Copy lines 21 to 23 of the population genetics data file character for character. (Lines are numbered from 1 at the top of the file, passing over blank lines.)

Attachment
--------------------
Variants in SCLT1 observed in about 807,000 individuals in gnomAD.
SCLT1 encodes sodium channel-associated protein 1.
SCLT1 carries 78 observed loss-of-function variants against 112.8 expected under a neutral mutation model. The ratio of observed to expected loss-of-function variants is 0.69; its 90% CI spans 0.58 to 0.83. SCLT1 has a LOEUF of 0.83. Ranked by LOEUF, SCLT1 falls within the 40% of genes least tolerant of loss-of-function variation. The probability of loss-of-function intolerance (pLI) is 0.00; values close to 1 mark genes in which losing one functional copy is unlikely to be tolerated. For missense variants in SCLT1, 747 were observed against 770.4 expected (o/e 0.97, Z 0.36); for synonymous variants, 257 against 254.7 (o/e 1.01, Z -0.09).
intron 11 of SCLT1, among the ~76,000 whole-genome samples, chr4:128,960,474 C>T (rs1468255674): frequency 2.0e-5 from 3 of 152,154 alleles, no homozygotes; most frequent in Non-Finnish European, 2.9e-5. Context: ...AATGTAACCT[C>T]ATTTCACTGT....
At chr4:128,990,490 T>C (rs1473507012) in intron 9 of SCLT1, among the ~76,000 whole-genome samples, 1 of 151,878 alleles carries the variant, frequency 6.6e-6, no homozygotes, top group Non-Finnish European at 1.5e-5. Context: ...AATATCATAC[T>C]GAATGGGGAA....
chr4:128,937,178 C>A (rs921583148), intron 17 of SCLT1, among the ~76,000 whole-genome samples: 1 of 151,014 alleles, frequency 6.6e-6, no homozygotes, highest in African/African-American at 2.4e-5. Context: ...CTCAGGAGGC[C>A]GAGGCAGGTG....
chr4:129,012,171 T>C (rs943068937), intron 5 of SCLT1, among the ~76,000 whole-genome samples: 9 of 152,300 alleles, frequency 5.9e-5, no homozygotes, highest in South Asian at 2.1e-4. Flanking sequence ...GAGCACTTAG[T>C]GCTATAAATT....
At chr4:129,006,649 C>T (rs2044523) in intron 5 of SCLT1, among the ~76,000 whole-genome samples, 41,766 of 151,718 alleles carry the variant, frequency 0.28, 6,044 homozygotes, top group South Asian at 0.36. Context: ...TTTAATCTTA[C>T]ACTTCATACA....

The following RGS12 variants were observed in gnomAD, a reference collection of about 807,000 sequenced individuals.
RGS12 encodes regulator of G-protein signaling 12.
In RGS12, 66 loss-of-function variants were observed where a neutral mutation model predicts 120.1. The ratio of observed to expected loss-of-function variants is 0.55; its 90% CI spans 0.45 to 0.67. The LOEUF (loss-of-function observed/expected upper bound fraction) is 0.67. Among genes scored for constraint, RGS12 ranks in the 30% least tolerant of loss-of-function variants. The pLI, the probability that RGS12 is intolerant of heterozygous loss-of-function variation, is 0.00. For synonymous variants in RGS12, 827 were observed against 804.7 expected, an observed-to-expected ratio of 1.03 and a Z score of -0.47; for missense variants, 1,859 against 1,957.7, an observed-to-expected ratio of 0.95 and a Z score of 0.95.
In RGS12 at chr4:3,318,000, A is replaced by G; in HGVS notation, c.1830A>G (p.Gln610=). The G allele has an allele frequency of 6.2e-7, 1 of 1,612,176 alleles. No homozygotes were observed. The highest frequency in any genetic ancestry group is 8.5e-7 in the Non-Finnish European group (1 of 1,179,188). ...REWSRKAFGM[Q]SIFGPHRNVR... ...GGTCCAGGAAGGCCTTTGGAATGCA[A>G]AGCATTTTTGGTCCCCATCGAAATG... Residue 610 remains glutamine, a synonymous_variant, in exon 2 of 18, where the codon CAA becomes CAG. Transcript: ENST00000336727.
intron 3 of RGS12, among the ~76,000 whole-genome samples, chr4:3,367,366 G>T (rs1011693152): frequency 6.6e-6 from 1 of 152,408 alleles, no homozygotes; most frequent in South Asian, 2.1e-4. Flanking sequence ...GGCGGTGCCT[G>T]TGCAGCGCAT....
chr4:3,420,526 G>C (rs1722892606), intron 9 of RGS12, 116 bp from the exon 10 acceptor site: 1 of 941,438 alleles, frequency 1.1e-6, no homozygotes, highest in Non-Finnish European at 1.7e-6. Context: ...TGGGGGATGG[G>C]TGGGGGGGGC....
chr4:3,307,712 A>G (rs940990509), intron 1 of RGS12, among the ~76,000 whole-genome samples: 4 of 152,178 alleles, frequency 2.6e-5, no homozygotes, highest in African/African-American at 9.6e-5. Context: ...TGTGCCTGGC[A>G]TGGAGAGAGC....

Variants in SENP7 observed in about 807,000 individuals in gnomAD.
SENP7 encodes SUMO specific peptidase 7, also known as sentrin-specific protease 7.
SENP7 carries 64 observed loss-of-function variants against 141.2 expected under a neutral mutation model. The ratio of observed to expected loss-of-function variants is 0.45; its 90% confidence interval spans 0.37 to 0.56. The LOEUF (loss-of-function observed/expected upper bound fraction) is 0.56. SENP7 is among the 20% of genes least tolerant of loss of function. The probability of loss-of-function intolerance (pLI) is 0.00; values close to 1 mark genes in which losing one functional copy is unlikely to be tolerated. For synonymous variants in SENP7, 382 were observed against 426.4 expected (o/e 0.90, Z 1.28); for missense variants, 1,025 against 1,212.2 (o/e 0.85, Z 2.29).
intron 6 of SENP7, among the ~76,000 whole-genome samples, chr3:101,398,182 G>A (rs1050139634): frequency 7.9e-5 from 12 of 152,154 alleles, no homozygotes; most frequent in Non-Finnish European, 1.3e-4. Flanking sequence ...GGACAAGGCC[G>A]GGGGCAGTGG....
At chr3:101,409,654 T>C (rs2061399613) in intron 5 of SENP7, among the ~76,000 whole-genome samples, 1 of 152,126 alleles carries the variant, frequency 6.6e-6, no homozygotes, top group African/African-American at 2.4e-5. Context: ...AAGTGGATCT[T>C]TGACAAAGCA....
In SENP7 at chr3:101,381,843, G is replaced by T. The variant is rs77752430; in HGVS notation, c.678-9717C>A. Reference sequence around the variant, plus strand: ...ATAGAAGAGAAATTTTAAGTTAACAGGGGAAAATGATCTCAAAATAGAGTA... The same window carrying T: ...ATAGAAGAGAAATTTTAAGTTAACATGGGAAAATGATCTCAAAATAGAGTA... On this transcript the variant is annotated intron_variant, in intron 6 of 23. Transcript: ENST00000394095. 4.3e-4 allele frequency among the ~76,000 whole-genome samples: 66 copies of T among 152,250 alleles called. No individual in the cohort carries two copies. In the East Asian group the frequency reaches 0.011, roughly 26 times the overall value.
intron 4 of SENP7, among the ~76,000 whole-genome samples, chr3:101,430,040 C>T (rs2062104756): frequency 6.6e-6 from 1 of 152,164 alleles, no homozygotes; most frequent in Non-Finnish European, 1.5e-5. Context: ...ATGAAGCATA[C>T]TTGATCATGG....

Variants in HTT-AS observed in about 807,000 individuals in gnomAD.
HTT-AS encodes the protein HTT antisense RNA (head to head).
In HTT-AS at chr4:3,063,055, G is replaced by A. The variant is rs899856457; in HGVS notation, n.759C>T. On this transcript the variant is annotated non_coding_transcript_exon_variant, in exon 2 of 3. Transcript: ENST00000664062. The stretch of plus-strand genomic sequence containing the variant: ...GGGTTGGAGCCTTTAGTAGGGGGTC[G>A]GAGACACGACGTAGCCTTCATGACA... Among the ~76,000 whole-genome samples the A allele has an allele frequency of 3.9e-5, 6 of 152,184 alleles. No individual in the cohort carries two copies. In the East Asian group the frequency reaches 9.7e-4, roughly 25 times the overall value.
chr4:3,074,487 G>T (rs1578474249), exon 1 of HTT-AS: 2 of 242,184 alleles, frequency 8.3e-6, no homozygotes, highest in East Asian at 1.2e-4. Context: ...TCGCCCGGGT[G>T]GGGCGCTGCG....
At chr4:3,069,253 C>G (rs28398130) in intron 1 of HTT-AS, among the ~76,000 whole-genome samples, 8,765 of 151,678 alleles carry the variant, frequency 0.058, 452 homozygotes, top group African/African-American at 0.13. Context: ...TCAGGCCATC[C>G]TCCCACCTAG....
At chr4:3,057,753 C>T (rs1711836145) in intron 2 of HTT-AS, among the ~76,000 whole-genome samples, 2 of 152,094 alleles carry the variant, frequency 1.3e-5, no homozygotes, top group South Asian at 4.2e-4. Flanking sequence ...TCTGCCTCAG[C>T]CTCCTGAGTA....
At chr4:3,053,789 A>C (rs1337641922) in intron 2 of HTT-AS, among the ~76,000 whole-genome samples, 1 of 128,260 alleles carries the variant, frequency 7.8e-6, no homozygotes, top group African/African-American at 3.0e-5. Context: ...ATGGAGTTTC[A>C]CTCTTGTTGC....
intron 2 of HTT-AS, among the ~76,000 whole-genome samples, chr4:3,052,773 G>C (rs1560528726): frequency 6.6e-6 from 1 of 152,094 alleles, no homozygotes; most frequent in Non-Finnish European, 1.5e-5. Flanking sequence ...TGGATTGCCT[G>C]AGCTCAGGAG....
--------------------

In SENP7 at chr3:101,381,843, G is replaced by T. The variant is rs77752430; in HGVS notation, c.678-9717C>A. Reference sequence around the variant, plus strand: ...ATAGAAGAGAAATTTTAAGTTAACAGGGGAAAATGATCTCAAAATAGAGTA... The same window carrying T: ...ATAGAAGAGAAATTTTAAGTTAACATGGGAAAATGATCTCAAAATAGAGTA... On this transcript the variant is annotated intron_variant, in intron 6 of 23. Transcript: ENST00000394095. 4.3e-4 allele frequency among the ~76,000 whole-genome samples: 66 copies of T among 152,250 alleles called. No individual in the cohort carries two copies. In the East Asian group the frequency reaches 0.011, roughly 26 times the overall value.
intron 4 of SENP7, among the ~76,000 whole-genome samples, chr3:101,430,040 C>T (rs2062104756): frequency 6.6e-6 from 1 of 152,164 alleles, no homozygotes; most frequent in Non-Finnish European, 1.5e-5. Context: ...ATGAAGCATA[C>T]TTGATCATGG....

Variants in HTT-AS observed in about 807,000 individuals in gnomAD.